A strong core is always a benefit, no matter what your fitness goals are or what fitness level you are at. And even though, as they say, aesthetic Instagram-worthy abs are made in the kitchen, the key to strong abs lies in progressive core training. A core training program needs to help you to build a strong foundation and then build on that foundation to increase strength and definition. So, why does a progressive core training program work?
Why is core training important?
There are three major benefits to having a strong core; posture and balance, athletic performance, and injury prevention.
Improving your balance and posture is very important, particularly as many of us live very sedentary lives. By strengthening your core, you will have the ability to carry yourself with a better posture throughout your day-to-day life as well as during exercise.
Increasing core strength can also improve your athletic performance. You might have heard before how important core strength is, regardless of what exercise you do, and everyone who says this is correct! Your core connects your upper to your lower body and a weak core weakens your body overall. By building a strong core, you increase your ability to lift heavier weights, move faster and stronger, improve your reaction times, and perform exercises with greater control.
A strong core will also help you to avoid injury. By improving your body’s ability to hold positions and bettering your ability to support your body weight, you are less likely to fall or injure yourself. You are also able to stop the overextension of other muscles in the body, which can occur when your abs are not strong enough to support certain exercises (particularly heavyweights); therefore leaving the other muscles in your body to compensate.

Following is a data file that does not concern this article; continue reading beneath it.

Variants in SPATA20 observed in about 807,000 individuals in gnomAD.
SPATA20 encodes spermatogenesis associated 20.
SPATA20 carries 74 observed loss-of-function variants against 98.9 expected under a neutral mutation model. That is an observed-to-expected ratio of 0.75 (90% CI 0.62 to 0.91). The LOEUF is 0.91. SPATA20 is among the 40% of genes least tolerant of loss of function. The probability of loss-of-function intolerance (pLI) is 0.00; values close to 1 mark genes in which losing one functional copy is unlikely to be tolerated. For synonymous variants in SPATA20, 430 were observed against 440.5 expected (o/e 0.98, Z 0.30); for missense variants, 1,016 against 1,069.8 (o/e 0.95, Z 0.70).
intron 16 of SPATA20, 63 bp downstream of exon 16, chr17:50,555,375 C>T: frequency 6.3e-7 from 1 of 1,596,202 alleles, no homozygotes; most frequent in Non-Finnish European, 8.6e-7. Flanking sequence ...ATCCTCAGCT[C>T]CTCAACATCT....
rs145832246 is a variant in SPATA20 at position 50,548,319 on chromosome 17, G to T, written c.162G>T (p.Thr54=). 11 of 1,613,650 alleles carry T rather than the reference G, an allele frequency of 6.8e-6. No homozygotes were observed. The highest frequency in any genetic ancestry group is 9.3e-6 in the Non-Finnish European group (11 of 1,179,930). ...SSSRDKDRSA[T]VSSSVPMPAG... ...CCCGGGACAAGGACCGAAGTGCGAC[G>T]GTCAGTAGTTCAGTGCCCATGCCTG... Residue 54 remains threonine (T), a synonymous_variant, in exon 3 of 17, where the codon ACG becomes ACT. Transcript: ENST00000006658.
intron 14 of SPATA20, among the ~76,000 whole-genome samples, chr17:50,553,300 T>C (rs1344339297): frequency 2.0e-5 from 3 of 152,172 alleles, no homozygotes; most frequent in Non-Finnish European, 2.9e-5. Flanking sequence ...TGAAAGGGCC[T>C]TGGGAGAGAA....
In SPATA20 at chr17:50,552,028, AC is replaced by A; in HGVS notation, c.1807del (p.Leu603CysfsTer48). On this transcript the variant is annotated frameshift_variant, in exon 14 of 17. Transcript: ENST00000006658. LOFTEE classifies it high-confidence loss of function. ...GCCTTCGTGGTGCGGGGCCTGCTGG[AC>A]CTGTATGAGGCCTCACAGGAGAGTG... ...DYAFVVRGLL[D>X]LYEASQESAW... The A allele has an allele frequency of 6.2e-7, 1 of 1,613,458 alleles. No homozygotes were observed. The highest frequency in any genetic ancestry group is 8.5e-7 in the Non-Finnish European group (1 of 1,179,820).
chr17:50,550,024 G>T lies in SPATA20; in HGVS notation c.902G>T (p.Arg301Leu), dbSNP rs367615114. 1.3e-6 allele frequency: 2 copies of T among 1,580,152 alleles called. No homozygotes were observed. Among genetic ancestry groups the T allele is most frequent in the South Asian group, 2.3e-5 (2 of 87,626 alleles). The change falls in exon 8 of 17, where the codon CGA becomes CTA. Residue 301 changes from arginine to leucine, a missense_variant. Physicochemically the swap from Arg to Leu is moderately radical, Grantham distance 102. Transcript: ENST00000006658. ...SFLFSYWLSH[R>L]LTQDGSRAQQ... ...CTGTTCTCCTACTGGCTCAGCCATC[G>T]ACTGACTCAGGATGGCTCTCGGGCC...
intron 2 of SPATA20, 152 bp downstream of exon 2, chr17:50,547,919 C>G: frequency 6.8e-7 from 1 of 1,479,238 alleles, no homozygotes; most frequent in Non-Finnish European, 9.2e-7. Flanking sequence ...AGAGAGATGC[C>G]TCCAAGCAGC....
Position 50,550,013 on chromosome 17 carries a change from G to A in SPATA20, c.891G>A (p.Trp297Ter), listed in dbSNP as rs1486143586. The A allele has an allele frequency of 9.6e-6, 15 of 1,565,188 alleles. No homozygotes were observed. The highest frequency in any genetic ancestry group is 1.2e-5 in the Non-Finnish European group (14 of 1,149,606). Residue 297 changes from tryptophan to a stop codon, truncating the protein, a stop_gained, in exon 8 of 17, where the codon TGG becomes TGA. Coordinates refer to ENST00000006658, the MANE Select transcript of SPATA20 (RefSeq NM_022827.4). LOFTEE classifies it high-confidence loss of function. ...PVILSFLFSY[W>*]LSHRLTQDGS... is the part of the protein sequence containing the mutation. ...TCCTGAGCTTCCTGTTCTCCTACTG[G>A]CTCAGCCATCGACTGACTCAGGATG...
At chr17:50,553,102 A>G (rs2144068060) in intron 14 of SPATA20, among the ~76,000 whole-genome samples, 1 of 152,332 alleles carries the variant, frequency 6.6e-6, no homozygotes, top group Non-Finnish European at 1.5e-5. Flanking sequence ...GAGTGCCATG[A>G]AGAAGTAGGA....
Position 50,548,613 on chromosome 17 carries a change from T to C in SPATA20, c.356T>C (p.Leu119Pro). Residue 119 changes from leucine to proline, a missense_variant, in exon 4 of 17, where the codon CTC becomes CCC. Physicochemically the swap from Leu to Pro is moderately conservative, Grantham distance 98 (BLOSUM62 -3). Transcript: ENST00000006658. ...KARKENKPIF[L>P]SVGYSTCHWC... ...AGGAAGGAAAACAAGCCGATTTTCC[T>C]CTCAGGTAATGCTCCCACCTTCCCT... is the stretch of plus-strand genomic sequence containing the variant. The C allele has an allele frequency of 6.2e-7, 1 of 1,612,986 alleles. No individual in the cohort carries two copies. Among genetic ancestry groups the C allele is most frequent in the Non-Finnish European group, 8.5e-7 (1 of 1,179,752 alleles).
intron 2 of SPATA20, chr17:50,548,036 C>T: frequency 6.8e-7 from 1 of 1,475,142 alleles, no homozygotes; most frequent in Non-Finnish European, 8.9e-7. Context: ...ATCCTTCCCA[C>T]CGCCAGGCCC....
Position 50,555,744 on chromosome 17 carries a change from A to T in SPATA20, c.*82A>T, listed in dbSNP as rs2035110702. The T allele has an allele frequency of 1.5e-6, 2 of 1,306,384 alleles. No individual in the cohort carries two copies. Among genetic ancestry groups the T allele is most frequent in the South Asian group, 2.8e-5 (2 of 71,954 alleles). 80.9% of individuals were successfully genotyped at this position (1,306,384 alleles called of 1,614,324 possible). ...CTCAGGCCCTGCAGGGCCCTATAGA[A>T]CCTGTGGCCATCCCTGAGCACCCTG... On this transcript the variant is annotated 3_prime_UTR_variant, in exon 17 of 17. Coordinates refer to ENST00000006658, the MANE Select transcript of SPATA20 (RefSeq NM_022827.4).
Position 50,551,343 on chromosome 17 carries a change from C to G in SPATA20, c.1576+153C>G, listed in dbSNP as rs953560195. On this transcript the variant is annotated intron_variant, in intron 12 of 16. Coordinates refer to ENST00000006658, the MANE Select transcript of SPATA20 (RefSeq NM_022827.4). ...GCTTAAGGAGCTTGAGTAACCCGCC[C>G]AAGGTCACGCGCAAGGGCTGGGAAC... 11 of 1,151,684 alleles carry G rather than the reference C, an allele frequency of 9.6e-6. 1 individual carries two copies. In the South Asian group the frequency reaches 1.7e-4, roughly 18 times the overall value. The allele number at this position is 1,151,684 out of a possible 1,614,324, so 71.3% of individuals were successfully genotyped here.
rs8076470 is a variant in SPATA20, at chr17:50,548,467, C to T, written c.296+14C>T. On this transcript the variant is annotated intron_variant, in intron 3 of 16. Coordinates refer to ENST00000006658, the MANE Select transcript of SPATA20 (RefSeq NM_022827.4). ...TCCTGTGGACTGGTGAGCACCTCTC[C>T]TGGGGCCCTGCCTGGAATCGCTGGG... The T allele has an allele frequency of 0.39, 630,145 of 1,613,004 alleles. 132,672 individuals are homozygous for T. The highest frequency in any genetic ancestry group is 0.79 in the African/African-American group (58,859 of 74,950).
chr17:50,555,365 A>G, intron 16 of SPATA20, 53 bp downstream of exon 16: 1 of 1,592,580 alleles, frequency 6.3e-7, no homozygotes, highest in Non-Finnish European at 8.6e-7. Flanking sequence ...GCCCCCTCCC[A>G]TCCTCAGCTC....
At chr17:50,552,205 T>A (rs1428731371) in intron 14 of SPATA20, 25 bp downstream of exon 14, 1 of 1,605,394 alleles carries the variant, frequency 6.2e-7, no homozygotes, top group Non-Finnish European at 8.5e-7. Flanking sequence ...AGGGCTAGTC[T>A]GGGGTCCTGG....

Progressive Core Training
Now that we understand why progressive core training is important, we can look at a few examples of core strengthening exercises that will help you to develop a strong core:
Weighted Forearm Plank
This exercise takes a standard forearm plank and adds another level of strength training. Essentially perform a forearm plant, weighting yourself on your forearms (hands palm-down, elbows under shoulders) and toes. Keep your back straight, forming a line from your neck to your lower spine. Have a partner place a weight (e.g. a circular weight) on your back and hold the position for 30 seconds. You can also start on your knees, placing the weight yourself, before moving to the plank position.
This exercise involves dynamic movement that forces you to control your core to hold your position stable. Begin on your hands and knees. Your hands must be under shoulders with your knees under your hips. Holding in your core lift your right arm and left leg off the ground, reaching them out until these are parallel to the ground. Controlling your abdominal muscles, retract your limbs back to the starting position before repeating with the other arm and leg.
Progression is a vital concept that every personal trainer needs to master. Find out what other concepts they need to master on our Personal Training Diploma. Follow this link to find out more.